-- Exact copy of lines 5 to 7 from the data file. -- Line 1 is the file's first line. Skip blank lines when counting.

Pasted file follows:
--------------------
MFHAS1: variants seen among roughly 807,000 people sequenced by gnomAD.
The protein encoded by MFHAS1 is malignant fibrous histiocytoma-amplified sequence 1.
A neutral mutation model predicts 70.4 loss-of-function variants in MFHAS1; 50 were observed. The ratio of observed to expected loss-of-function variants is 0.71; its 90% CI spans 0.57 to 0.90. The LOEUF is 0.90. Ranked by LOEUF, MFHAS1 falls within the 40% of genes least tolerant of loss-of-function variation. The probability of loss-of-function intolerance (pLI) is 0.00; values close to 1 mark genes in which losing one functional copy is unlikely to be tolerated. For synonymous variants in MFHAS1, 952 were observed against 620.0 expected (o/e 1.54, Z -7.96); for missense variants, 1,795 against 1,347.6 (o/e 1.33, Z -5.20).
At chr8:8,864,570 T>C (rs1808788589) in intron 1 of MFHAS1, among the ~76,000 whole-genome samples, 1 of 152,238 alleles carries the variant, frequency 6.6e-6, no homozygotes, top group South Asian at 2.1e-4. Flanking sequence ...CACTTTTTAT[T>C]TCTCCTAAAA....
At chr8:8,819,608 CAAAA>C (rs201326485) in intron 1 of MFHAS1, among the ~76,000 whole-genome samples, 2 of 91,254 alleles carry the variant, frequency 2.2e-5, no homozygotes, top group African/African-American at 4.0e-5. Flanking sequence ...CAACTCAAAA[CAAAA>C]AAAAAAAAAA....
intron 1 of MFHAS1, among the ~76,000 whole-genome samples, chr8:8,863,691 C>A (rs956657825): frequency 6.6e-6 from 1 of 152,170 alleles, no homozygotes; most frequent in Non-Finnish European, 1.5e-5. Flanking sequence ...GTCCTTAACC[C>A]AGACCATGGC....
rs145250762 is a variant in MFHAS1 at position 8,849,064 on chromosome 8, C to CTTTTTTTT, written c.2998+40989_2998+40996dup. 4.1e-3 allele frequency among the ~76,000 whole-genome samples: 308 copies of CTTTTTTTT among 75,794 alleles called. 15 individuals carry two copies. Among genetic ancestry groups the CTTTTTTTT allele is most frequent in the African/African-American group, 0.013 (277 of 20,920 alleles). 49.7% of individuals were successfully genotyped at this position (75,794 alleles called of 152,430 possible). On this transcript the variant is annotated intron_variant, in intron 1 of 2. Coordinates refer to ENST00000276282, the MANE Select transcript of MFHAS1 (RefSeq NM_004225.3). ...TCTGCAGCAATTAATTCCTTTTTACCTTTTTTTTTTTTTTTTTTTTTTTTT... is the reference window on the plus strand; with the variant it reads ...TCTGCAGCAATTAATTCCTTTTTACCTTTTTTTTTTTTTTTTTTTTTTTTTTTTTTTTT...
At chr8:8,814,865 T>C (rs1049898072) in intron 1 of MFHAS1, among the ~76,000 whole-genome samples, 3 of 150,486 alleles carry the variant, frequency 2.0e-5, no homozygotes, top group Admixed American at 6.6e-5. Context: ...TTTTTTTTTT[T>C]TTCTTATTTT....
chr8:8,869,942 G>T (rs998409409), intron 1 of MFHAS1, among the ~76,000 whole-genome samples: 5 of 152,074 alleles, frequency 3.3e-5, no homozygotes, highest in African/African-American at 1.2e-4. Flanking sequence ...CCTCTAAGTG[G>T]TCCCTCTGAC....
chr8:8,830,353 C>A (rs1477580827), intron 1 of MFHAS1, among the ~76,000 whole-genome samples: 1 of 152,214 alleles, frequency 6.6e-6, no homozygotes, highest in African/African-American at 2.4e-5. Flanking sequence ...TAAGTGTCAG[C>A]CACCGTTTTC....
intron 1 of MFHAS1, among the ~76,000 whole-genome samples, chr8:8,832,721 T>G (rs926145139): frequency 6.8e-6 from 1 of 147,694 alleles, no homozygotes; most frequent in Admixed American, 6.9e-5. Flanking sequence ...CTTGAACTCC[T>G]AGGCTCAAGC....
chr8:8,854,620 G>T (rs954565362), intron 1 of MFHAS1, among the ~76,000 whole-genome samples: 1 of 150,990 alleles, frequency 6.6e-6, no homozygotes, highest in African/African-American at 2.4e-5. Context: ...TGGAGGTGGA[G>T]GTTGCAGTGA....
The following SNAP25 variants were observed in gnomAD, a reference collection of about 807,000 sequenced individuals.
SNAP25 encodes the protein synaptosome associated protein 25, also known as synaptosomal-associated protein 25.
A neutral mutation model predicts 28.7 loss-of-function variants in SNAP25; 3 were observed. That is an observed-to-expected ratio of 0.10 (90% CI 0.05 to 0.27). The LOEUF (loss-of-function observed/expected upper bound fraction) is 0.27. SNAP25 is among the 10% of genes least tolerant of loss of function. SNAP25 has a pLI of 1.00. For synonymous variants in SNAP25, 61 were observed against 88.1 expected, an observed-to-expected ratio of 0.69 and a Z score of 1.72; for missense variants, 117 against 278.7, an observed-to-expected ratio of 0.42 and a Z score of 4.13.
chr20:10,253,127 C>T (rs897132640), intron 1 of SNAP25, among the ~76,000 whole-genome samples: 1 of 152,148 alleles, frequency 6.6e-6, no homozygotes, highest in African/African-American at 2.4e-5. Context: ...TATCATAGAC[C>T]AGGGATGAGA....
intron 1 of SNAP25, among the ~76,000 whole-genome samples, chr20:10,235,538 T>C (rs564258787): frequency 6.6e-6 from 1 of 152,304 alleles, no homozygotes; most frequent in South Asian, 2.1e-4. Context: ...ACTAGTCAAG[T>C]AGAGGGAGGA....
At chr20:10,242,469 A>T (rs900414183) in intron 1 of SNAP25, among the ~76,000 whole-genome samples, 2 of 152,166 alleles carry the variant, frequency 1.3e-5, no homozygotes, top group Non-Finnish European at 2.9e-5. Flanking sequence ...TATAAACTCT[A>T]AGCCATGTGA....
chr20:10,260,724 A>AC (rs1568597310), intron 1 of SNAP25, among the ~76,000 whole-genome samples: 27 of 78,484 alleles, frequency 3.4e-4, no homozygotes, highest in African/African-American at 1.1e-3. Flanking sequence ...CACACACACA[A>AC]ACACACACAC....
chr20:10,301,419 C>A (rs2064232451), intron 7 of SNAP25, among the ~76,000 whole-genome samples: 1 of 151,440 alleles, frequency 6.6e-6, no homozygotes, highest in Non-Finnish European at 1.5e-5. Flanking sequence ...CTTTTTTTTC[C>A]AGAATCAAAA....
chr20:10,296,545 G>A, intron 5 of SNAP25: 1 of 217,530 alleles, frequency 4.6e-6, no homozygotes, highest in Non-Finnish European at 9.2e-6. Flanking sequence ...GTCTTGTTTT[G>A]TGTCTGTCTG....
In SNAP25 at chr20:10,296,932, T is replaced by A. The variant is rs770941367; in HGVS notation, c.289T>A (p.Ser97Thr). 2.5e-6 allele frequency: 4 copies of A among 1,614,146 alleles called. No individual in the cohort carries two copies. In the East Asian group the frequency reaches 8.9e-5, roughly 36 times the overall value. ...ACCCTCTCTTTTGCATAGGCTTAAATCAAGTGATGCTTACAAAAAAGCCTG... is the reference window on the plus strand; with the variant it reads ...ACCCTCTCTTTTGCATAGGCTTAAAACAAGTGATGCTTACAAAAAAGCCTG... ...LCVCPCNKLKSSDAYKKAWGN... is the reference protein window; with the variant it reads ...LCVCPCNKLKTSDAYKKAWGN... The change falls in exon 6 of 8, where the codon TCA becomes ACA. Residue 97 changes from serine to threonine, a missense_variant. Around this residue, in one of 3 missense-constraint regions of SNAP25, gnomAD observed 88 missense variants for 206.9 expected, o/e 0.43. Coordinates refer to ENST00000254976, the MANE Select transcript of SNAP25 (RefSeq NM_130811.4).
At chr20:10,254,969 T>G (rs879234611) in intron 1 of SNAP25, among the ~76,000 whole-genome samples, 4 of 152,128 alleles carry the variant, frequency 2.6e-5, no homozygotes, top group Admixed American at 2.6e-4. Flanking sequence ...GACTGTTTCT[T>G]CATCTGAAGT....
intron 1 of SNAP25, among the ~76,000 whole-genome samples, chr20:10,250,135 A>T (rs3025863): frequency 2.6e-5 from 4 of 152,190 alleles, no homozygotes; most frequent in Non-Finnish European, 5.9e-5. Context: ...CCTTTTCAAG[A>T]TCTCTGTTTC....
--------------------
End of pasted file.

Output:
At chr8:8,819,608 CAAAA>C (rs201326485) in intron 1 of MFHAS1, among the ~76,000 whole-genome samples, 2 of 91,254 alleles carry the variant, frequency 2.2e-5, no homozygotes, top group African/African-American at 4.0e-5. Flanking sequence ...CAACTCAAAA[CAAAA>C]AAAAAAAAAA....
intron 1 of MFHAS1, among the ~76,000 whole-genome samples, chr8:8,863,691 C>A (rs956657825): frequency 6.6e-6 from 1 of 152,170 alleles, no homozygotes; most frequent in Non-Finnish European, 1.5e-5. Flanking sequence ...GTCCTTAACC[C>A]AGACCATGGC....
rs145250762 is a variant in MFHAS1 at position 8,849,064 on chromosome 8, C to CTTTTTTTT, written c.2998+40989_2998+40996dup. 4.1e-3 allele frequency among the ~76,000 whole-genome samples: 308 copies of CTTTTTTTT among 75,794 alleles called. 15 individuals carry two copies. Among genetic ancestry groups the CTTTTTTTT allele is most frequent in the African/African-American group, 0.013 (277 of 20,920 alleles). 49.7% of individuals were successfully genotyped at this position (75,794 alleles called of 152,430 possible). On this transcript the variant is annotated intron_variant, in intron 1 of 2. Coordinates refer to ENST00000276282, the MANE Select transcript of MFHAS1 (RefSeq NM_004225.3). ...TCTGCAGCAATTAATTCCTTTTTACCTTTTTTTTTTTTTTTTTTTTTTTTT... is the reference window on the plus strand; with the variant it reads ...TCTGCAGCAATTAATTCCTTTTTACCTTTTTTTTTTTTTTTTTTTTTTTTTTTTTTTTT...